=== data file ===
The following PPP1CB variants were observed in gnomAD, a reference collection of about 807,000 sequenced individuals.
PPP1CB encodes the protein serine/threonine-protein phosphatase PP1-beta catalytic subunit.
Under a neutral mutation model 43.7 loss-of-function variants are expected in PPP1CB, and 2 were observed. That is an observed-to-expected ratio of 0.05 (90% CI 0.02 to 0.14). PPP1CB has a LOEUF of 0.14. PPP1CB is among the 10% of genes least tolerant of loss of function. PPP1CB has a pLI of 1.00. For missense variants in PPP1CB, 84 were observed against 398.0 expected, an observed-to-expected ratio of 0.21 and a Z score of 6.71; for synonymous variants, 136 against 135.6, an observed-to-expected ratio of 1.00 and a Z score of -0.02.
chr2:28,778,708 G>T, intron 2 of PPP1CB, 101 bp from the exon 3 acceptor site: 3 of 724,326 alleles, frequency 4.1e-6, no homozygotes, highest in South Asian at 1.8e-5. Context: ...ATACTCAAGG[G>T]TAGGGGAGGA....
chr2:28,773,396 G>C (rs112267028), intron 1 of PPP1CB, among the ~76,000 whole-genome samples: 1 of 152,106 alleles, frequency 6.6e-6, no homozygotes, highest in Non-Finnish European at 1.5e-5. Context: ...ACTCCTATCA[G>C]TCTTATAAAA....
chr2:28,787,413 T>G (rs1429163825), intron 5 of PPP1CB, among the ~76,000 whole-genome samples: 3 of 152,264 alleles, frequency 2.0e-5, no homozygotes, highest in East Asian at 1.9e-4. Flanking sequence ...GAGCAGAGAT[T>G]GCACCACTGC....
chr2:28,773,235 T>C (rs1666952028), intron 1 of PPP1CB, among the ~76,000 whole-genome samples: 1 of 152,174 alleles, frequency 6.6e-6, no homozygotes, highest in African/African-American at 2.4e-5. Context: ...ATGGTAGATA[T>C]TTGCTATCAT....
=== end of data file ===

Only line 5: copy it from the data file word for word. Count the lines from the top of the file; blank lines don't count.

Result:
chr2:28,773,396 G>C (rs112267028), intron 1 of PPP1CB, among the ~76,000 whole-genome samples: 1 of 152,106 alleles, frequency 6.6e-6, no homozygotes, highest in Non-Finnish European at 1.5e-5. Context: ...ACTCCTATCA[G>C]TCTTATAAAA....